Large-Scale Geoduck Farming Possible in Burley Lagoon


Sara Thompson, KP News

Burley Lagoon lies about 60 percent in Pierce County and 40 percent in Kitsap. Kitsap is at the head of the lagoon, where shellfish farming is not permitted, due in part to water quality issues. The remainder in Pierce County is approved for aquaculture. The areas circled in red mark existing sites that may be converted to geoduck farming. Courtesy Taylor Shellfish

Taylor Shellfish Farms of Shelton, the state’s largest shellfish grower, recently applied for a permit to convert part of its Burley Lagoon operation to geoduck farming. The farm is over 300 acres in size, with about 100 acres planted with manila clams and oysters at any given time. Taylor proposes to convert approximately 25 acres from clams and oysters to geoduck.

A public meeting on the application took place Oct. 25 at Peninsula High School, with more than 100 people attending. It included an open house with information provided by Taylor and the Pierce County Department of Planning and Land Services (PALS), followed by oral presentations and public testimony.

“The proposal for this farm is different from any we have approved in the past,” said Dave Risvold, environmental biologist with PALS. “Previous farm proposals have been located along long, exposed sections of shoreline, whereasBurley Lagoon is relatively enclosed. Theproposedfarm isconsiderablybiggerthan past proposals and theshorelinearea is moreheavily developedthanhas been the case with most of our previous farms.”

To address these concerns, the county and Taylor agreed that an environmental impact statement (EIS) would be the most appropriate process.

Risvold said that since the early 2000s, when rapid expansion of geoduck farming (including illegal activity) resulted in public outcry, the county has been thorough in evaluating proposals for geoduck farms. Reviews have paid close attention to the effect on the environment, aesthetics and recreation. The main difference from earlier reviews is that with an EIS, there will be more opportunity for public input.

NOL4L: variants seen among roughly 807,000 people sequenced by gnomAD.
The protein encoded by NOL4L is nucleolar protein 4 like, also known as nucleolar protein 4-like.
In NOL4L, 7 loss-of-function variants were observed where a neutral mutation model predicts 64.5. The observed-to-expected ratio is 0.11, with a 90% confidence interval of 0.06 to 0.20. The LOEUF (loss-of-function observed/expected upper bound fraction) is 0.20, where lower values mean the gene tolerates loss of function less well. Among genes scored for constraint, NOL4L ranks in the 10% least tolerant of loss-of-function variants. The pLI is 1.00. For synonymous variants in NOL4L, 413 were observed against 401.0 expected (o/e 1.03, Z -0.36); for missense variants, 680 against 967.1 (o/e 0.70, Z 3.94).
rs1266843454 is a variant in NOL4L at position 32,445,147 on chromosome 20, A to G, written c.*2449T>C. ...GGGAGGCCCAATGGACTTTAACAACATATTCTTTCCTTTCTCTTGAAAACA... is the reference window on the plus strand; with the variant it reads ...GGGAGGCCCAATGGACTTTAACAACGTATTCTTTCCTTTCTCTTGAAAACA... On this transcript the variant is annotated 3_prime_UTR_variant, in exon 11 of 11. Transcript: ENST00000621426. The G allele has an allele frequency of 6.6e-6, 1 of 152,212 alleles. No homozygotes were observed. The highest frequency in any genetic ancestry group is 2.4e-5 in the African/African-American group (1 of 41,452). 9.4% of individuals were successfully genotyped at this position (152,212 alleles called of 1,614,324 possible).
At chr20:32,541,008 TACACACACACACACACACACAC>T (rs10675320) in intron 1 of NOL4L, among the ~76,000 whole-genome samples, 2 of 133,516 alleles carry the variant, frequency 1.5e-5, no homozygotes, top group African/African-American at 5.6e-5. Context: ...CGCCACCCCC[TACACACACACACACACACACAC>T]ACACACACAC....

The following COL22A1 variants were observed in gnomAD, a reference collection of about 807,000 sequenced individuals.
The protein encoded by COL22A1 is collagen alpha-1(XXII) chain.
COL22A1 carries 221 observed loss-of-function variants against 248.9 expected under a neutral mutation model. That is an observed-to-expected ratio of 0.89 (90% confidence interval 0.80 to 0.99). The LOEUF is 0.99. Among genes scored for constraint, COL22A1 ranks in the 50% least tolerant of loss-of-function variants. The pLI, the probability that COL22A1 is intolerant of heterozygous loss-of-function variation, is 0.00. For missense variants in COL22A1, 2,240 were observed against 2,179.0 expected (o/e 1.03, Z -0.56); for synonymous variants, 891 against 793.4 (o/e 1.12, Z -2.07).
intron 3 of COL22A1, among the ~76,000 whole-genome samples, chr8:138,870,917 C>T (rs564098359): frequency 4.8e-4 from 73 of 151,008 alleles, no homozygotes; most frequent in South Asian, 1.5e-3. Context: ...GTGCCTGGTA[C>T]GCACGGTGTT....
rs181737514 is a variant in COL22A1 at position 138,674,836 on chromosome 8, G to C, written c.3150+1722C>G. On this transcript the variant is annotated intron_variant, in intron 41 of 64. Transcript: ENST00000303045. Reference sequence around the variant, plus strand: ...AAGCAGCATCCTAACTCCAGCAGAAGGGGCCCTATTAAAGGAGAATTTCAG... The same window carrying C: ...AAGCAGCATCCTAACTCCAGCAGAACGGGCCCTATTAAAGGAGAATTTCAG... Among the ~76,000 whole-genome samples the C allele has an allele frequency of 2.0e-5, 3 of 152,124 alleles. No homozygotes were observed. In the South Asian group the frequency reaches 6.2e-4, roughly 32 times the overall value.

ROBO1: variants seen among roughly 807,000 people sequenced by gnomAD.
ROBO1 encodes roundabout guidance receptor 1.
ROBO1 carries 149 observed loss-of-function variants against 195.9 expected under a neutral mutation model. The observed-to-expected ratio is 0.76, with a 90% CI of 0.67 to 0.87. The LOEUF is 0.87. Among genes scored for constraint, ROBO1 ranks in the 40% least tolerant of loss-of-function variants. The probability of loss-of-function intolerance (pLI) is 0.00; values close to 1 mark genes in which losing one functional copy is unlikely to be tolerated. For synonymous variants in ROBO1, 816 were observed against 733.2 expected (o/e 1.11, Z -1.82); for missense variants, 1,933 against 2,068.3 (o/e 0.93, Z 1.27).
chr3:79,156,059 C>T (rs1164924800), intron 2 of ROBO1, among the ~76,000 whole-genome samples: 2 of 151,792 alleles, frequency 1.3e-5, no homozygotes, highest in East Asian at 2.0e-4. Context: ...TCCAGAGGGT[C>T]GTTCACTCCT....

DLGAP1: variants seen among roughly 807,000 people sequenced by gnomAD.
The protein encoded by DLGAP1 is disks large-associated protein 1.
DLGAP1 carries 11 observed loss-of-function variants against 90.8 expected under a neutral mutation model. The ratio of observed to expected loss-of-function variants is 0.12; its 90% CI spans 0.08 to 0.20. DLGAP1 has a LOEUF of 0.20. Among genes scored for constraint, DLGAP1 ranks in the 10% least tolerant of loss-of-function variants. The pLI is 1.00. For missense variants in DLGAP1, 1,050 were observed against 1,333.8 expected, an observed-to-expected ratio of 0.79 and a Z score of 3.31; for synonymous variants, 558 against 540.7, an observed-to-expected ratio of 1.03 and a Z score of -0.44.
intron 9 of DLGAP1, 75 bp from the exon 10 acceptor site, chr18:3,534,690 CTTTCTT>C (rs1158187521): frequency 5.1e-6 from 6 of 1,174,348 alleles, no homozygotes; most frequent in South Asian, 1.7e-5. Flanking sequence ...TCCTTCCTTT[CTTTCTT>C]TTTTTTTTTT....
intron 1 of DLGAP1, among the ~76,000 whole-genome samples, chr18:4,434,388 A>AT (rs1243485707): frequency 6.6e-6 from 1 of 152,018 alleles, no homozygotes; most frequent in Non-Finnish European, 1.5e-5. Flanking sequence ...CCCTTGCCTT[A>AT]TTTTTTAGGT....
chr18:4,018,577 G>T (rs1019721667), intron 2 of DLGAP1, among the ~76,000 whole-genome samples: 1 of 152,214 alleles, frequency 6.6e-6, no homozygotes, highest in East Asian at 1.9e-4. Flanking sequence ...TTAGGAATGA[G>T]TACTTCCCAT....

Most public comment at the meeting focused on concerns about loose plastic from the geoduck gear, noise and the deleterious effects on other wildlife caused by the high concentration of geoducks and the low-pressure, high-volume hoses used to harvest them

Diane Cooper, of Taylor, reviewed the history of Burley Lagoon. The Tyee Oyster Co. started farming it in the early 1900s. The Western Oyster Co., owned by the Yamashita family, purchased the farm in 1952.

The lagoon is deeded for shellfish farming only. In 2012, Taylor began leasing the farm and took over the operation. The processing of shellfish was moved from the lagoon to Shelton, techniques were modernized, and some old equipment was removed.

Cooper described geoduck farming as less intensive than that of oysters and clams. Oysters mature in three to four years, clams in two. The active work of farming them is continuous. Predator exclusion nets cover the clams. Oysters may be in bags or may be protected by nets, depending on the beach and current. Geoducks, in comparison, are planted in protective plastic tubes that are left in place for one to two years and then removed. (Recent practice has replaced solid tubes with mesh tubes). The geoducks are harvested four to five years later.

Three scenarios will be initially evaluated for the EIS. The first is that all 25 acres would be planted at once, though typically sites are planted in a patchwork over several years because of the limited availability of seed. The second scenario is that two-thirds of the area would be planted at any given time. The “no-action” alternative would leave the 25 acres in its current use for clams and oysters.

The issues identified for the EIS were environmental (sediments, aquatic vegetation, water quality and fish and wildlife), noise, recreation and aesthetics.

Risvold expects the first draft of the EIS will be completed in early 2017, when it will be available to the public for additional comment. A final EIS will be written and presented at public hearings and to the Key Peninsula Land Use Advisory Council sometime in 2018. A final EIS with the PALS recommendation will be presented to the Pierce County Hearing Examiner. That decision then goes to the Washington State Department of Ecology for review.

All previously approved permits have been appealed to the state Shoreline Hearings Board.

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